The awkward fact, for most of us, is that in mid-September the Russian stock market, as defined by Thomson Reuters’ country index, was trading at a price/earnings ratio of 5.9 and an attractive dividend yield of 4.7%. That wasn’t very different from China, which was on 6.1 and 4.9% respectively. And compared with India (18.1 and 1.6% respectively), Moscow looked like a screaming bargain. Double drat, it’s been rising in the last month and is back to last winter’s levels.

The Whispering Starts

All of which might seem to suggest that the Russian President has got the situation nicely stitched up. And if only the good Russian people didn’t have Twitter accounts he might have been able to sleep easily for much longer.

But recently the social-media mutterings have been surfacing even in the Russian press about how Putin is putting arms and men into eastern Ukraine. Oh, for sure, the official line is that this is for humanitarian objectives, but people aren’t stupid even if their national newspapers are. The lies are being found out.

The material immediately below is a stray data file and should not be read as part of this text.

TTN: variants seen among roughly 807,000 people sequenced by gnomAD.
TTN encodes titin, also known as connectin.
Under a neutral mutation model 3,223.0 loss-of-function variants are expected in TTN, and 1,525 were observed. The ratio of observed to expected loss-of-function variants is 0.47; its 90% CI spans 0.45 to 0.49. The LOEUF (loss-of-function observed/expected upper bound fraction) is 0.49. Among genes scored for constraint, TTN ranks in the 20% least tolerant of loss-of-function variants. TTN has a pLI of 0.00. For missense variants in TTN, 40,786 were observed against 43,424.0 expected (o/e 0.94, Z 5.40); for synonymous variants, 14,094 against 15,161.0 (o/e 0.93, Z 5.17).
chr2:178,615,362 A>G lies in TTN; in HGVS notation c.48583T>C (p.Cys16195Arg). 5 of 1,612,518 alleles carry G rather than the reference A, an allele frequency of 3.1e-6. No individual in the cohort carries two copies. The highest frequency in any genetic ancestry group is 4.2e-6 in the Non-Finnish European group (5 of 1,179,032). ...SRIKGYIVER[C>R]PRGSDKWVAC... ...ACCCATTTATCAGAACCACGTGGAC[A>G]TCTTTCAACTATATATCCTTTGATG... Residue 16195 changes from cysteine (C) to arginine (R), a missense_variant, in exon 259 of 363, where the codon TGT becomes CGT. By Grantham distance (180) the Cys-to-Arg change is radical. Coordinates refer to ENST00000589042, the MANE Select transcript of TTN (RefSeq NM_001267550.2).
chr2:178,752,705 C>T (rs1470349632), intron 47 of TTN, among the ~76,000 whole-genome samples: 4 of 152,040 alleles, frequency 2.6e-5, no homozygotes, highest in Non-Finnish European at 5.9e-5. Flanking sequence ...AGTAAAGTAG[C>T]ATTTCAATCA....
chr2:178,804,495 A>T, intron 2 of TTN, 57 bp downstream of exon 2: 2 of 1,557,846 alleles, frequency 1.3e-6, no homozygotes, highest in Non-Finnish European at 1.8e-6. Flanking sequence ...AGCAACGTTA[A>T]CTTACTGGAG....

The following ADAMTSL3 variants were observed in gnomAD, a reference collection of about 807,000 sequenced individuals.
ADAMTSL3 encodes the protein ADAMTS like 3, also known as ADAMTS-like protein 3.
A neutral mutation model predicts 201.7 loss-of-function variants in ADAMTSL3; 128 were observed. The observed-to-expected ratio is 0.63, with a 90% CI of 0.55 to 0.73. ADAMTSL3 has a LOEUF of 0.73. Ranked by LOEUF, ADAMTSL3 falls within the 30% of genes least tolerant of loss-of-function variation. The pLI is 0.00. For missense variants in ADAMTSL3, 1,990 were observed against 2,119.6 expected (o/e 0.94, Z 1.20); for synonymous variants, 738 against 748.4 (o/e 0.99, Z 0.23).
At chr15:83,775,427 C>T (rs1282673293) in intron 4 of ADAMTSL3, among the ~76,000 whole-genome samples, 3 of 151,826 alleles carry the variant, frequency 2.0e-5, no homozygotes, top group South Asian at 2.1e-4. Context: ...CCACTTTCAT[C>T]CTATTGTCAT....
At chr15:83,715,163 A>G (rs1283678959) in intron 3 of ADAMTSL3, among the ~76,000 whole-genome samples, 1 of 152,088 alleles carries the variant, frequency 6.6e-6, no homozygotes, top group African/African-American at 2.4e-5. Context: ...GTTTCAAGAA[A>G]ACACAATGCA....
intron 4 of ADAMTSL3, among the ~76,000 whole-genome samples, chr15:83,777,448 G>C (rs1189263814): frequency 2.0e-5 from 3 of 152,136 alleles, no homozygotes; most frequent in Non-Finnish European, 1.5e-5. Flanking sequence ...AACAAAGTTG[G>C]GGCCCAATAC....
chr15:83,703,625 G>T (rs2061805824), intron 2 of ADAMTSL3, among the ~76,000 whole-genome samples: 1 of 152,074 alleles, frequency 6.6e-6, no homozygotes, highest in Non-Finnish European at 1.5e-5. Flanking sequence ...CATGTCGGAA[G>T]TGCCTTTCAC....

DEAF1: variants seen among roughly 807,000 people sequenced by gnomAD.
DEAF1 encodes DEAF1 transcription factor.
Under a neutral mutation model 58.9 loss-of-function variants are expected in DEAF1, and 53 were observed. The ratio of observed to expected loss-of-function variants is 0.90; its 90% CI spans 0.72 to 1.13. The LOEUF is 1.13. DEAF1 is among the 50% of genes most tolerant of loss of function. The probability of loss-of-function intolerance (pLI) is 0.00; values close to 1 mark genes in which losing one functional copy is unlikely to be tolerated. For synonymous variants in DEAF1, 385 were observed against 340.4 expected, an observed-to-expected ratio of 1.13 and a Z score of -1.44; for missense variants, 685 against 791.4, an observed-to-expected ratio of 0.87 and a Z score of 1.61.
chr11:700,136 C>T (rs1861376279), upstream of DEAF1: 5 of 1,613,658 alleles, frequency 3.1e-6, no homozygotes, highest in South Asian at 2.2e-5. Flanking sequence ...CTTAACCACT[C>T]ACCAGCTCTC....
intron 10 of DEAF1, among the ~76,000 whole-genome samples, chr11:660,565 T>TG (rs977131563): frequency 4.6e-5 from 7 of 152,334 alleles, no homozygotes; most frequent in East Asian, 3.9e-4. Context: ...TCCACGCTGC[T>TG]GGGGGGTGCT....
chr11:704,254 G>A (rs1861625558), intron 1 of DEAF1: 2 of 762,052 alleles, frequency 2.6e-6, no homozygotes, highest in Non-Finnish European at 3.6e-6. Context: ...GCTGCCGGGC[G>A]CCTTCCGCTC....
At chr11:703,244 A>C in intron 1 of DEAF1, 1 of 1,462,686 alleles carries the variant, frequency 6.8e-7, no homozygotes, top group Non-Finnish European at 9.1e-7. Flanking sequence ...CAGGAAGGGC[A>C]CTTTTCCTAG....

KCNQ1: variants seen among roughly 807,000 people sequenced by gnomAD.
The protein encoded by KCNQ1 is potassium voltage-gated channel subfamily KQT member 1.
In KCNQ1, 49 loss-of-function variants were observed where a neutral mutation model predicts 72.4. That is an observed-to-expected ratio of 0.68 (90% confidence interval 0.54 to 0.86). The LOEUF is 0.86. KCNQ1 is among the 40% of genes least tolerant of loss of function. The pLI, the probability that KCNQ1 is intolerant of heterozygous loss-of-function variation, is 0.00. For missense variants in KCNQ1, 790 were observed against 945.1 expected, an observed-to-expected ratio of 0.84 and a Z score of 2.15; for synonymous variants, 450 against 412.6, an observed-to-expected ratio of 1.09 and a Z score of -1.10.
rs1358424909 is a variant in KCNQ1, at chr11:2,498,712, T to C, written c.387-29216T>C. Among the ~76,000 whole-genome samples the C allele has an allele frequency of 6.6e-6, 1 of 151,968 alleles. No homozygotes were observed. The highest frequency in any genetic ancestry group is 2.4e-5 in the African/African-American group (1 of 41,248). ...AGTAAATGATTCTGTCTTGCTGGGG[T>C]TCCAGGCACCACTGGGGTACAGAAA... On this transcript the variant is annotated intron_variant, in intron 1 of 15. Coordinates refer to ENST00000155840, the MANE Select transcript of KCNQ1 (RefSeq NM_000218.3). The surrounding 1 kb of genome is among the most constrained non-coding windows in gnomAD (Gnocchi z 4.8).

And then there are the immutable facts. As you’ll know, Russia has been effectively removed from the G8 group of leading nations, which means that this autumn’s planned summit in the Sochi Winter Olympics city is also off. The rump G8 group will meet in Brussels instead. And the Russian people will notice that. You can rely on it.

Meanwhile, Brussels is now preparing the killer blow that ought to make Putin’s disgrace manifest. EU ambassadors are said to be working on a plan to strip Russia of the right to host the football World Cup in 2018. If that doesn’t show the man in the street that we’re serious, nothing will.